Matilda Joslyn Gage

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Matilda Joslyn Gage was an American writer and activist. She is mainly known for her contributions to women's suffrage in the United States (i.e. the right to vote) but she also campaigned for Native American rights, abolitionism (the end of slavery), and freethought (the free exercise of reason in matters of religious belief). She is the eponym for the Matilda effect, which describes the tendency to deny women credit for scientific invention. She influenced her son-in-law L. Frank Baum, the author of The Wizard of Oz.

She was the youngest speaker at the 1852 National Women's Rights Convention held in Syracuse, New York. She was a tireless worker and public speaker, and contributed numerous articles to the press, being regarded as "one of the most logical, fearless and scientific writers of her day". During 1878–1881, she published and edited the National Citizen, a paper devoted to the cause of women. With Elizabeth Cady Stanton and Susan B. Anthony, she was for years in the forefront of the suffrage movement, and collaborated with them in writing the History of Woman Suffrage (1881–1887). She was the author of the Woman's Rights Catechism (1868); Woman as Inventor (1870); Who Planned the Tennessee Campaign (1880); and Woman, Church and State (1893).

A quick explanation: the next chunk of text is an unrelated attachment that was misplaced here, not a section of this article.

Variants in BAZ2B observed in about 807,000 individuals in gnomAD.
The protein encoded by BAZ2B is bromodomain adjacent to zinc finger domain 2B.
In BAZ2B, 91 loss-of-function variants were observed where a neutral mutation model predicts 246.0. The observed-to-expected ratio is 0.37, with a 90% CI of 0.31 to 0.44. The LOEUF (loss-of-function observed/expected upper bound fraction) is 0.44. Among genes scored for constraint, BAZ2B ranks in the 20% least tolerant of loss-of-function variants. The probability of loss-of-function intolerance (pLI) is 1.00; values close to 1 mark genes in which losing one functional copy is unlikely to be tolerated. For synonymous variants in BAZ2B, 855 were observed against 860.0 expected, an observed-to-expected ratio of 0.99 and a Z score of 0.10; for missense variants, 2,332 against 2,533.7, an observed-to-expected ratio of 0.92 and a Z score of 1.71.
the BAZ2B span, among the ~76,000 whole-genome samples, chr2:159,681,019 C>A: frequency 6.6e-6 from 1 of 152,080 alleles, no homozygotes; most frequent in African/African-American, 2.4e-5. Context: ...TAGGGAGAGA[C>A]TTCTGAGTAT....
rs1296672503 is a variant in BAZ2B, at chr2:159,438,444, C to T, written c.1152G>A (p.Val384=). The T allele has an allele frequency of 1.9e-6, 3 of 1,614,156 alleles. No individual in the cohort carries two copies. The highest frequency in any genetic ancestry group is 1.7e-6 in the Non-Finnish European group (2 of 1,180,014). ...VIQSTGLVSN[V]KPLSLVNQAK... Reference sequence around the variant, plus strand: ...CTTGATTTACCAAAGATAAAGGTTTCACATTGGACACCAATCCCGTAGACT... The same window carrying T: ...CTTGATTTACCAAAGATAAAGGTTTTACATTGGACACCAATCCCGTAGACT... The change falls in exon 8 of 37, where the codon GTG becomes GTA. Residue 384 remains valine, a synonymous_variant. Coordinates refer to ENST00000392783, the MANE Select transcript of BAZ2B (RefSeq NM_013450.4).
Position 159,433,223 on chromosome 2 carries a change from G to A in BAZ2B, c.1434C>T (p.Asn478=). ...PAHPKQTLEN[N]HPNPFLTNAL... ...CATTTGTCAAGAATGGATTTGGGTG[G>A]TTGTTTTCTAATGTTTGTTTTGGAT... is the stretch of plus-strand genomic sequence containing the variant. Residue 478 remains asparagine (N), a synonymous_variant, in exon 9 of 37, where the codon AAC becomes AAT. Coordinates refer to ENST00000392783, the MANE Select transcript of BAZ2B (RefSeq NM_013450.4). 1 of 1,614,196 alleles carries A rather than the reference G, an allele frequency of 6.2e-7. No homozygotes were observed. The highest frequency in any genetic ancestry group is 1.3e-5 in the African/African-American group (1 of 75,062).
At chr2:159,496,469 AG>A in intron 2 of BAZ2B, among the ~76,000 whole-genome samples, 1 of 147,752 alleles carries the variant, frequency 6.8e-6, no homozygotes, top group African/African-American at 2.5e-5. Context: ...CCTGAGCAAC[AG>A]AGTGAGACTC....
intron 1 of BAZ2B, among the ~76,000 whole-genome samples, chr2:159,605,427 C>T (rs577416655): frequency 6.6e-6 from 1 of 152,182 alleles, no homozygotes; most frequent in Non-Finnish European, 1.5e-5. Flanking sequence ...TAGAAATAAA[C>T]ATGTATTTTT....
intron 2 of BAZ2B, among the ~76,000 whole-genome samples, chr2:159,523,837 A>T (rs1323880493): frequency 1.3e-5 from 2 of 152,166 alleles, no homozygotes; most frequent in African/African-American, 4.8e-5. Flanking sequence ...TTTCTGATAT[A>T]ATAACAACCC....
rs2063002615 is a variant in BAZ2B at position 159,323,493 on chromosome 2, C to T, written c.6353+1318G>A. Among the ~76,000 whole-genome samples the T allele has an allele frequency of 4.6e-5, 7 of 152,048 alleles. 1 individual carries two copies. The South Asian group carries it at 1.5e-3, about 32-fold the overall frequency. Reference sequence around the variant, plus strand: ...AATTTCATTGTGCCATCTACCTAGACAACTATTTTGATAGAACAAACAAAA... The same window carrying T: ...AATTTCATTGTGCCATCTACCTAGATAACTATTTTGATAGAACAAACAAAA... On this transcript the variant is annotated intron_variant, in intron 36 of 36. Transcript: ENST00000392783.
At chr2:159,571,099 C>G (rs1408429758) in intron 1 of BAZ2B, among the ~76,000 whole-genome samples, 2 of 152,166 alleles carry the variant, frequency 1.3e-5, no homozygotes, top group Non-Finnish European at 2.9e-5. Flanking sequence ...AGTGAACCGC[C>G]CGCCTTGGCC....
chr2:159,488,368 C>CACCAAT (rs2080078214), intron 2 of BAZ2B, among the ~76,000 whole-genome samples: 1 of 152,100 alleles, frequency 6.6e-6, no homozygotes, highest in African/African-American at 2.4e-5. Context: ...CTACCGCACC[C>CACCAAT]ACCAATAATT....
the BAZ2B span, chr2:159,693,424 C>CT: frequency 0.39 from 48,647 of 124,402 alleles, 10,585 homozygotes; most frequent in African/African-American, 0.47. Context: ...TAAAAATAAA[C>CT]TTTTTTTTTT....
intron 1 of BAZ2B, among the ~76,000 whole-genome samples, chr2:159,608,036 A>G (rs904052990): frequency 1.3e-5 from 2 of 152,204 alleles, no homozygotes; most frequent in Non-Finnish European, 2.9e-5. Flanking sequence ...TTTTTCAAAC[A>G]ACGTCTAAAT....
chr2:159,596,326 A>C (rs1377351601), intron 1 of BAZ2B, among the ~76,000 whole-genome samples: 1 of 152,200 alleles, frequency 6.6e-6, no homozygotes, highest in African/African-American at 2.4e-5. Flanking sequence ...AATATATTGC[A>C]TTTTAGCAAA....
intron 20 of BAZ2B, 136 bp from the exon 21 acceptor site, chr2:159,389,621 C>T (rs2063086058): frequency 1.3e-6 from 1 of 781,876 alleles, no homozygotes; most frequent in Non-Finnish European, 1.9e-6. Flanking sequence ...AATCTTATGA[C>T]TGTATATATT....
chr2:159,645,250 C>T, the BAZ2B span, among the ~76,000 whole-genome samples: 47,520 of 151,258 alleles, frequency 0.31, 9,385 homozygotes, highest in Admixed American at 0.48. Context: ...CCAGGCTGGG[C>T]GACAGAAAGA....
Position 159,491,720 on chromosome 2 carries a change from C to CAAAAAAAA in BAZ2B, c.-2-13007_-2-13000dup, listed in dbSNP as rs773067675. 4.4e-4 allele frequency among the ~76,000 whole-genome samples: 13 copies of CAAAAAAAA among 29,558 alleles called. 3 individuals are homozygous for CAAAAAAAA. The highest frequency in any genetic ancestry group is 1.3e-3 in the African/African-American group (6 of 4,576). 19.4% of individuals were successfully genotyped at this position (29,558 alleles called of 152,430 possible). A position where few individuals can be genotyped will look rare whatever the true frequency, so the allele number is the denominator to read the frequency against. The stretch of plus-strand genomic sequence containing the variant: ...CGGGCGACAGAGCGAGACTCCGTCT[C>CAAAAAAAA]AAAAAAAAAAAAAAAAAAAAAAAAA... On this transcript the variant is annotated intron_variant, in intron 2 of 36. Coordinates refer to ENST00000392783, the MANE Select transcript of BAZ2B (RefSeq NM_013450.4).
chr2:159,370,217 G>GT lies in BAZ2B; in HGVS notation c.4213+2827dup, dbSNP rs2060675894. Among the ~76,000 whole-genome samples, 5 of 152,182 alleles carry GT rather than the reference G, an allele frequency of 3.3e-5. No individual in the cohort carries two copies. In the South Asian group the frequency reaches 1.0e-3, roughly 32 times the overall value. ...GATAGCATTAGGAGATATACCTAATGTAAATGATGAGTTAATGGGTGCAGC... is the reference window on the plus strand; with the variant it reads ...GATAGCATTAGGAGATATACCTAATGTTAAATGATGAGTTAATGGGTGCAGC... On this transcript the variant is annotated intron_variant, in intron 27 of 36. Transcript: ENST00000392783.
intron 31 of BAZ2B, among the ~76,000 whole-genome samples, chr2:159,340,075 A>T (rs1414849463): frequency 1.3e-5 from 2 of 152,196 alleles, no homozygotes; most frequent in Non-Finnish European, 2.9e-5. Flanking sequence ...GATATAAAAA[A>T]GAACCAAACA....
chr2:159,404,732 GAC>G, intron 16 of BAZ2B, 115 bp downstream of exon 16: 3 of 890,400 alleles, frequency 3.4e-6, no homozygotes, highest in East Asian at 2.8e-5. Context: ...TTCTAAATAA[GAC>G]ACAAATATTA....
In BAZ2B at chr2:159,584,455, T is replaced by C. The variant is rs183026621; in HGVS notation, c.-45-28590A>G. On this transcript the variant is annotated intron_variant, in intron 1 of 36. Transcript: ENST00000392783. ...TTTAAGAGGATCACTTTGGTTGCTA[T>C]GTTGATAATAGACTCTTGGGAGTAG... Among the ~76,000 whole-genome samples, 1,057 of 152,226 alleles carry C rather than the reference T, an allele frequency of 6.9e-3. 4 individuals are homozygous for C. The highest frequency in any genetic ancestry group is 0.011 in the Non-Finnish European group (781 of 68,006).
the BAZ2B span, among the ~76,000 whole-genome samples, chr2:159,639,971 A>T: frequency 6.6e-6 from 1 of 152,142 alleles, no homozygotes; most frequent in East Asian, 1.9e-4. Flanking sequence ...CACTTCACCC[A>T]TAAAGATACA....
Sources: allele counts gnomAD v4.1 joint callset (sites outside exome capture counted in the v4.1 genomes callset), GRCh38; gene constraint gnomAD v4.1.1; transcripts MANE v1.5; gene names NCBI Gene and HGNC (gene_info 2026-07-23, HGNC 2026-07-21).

For many years she was associated with the National Women's Suffrage Association, but when her views on suffrage and feminism became too radical for many of its members, she founded the Woman's National Liberal Union, whose objects were: To assert woman's natural right to self-government; to show the cause of delay in the recognition of her demand; to preserve the principles of civil and religious liberty; to arouse public opinion to the danger of a union of church and state through an amendment to the constitution, and to denounce the doctrine of woman's inferiority. She served as president of this union from its inception in 1890 until her death in Chicago, in 1898.

(Source: Wikipedia.org.)

Best known in history as the coauthor (with Elizabeth Cady Stanton and Susan B. Anthony) of the first three volumes of The History of Woman Suffrage, Matilda Joslyn Gage holds a significant position in history as a radical feminist thinker and historian whose writings shaped her times.

An excellent speaker and writer, Gage held a variety of offices in the National Woman Suffrage Association and helped form suffrage groups in New York and Virginia. She edited the NWSA suffrage paper, The National Citizen and Ballot Box for four years, and wrote much material for suffrage publications. Gage tried to cast a ballot in the 1872 presidential elections and failed, but she actively supported Anthony during the court case which arose from Anthony’s successful casting of a ballot. She coauthored the Declaration of Rights for Women (1876) with Stanton, which was presented at the Independence Day ceremonies that summer in Philadelphia.

After becoming discouraged with the slow pace of suffrage efforts in the 1880s, Gage turned her attention to the teaching of the churches, which she perceived as teaching men to devalue women. In 1890 she formed her own organization, the Women’s National Liberal Union, to fight moves to unite church and state, and her book Women, Church and State (1893) articulated her views.

Gage remained a suffrage supporter throughout her life, but spent her elder years concentrating on religious issues. Her lifelong motto appears on her gravestone: “There is a word sweeter than Mother, Home or Heaven; that word is Liberty.”

(Source: WomenOfTheHall.org.)

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